Tips (and Etiquette) for Riding Your Bicycle to the Flea

A Guest Blog Post by Alison Lucien, Owner of Eleanor’s Stylish Bicycle Accessories for Ladies

It’s finally warm enough to do more than daydream about spending long days picnicking in the park or biking to outdoor brunch spots.  And we at Eleanor’s Stylish Bicycle Accessories are spending our weekends soaking up the sun at our pop-up shop at the Brooklyn Flea. But we know, as fun as spending the weekend days on two wheels is, it also calls for some planning and logistics. That’s why we’ve put together a short list of 3 tips to help you handle your Brooklyn Flea bounty by bike this season.

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1. Parking - Bikes aren’t officially allowed inside the Flea (unless you’re trying out a bike basket, of course), and it’s a pain to roll your bike through the masses.  Luckily there are plenty of spots to lock your bike around the Fort Greene location (below): sign posts are always fair game, but the fence right outside of Bishop Loughlin Memorial High School is actually the perfect place to leave your bike while browsing.  We’ve noticed that many folks take advantage of this sweet spot, and there’s plenty of foot traffic to keep potential thieves at bay.

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In Williamsburg (below), however, places to lock your bike are at a premium. The long and the short of it is, if you can’t snag a spot at a nearby bike rack or signpost, we recommend biking a few blocks away from the Flea and searching for a safe spot in the vicinity. There’s so much to do in the area, so having to stroll a bit further isn’t too bad.

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Image courtesy of Postmodern Gentleman

PS – A bit of etiquette! When you’re looking for a spot to lock your bike, avoid brownstone fences and gates, as well as fences that belong to nearby sidewalk cafés. It can be a pain for the folks who live and work there to maneuver around your ride.  Also try not to obstruct the flow of sidewalk traffic when you park—we know, we know, this is a no-brainer—but it’s happened before! And it makes it hard for vendors to get their products in and out of the Flea! Lastly, make sure not to double park so that other cyclists can come and go with ease (and so your bike and lock don’t get damaged).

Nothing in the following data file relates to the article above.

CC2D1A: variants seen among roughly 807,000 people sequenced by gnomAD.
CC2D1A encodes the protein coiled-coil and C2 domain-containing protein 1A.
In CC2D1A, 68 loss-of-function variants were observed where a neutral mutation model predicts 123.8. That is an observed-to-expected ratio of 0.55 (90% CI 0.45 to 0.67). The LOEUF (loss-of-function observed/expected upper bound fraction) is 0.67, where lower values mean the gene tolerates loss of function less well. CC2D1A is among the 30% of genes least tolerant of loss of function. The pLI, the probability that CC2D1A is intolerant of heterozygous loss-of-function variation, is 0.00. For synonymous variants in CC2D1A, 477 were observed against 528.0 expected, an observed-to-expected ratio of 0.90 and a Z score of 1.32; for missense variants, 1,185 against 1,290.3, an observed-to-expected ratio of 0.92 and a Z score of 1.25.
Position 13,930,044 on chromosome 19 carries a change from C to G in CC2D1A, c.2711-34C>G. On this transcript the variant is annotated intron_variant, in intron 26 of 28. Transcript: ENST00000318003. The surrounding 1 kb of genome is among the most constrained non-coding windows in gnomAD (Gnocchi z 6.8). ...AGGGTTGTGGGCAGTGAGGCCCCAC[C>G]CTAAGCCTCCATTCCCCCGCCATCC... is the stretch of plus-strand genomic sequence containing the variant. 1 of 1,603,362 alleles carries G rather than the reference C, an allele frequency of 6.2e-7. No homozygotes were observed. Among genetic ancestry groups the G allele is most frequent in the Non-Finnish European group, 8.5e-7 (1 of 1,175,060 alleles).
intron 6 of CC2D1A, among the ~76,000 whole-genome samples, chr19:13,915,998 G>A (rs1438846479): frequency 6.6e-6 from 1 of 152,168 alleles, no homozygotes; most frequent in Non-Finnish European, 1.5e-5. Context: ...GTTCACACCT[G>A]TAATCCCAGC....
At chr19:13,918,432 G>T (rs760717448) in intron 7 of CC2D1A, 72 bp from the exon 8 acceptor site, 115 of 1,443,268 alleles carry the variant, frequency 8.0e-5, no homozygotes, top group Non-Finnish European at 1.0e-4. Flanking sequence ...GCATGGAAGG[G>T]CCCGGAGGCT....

2. How to get your haul home - It’s easy to get carried away at the Flea: everywhere you look there’s something that you need, or at the very least want. If you’ve shopped ’til you’ve dropped and are worrying about how to get everything home by bike, we recommend a basket or rear-mounting crate. Both are super easy to install, roomy and sturdy enough to hold all your goods for the journey home, and available at our booth at the Flea.

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3. When worst comes to worst. If you truly can’t control yourself and end up getting those great vintage chairs whose call must be heeded, and you don’t happen to ride one of these badboys, no worries. Although there isn’t a delivery service associated with the Flea, it’s no sweat to get in touch with a local courier (totally Yelp-able) who can do the heavy lifting and take care of transporting your finds so you can bike home unencumbered. It’s also easy enough to call a car service like Northside if you can’t seem to find a cab. You can travel home with your purchases, and then stroll back to the Flea to grab your bike (and maybe a cold beer or glass of wine as a reward for all your hard work).

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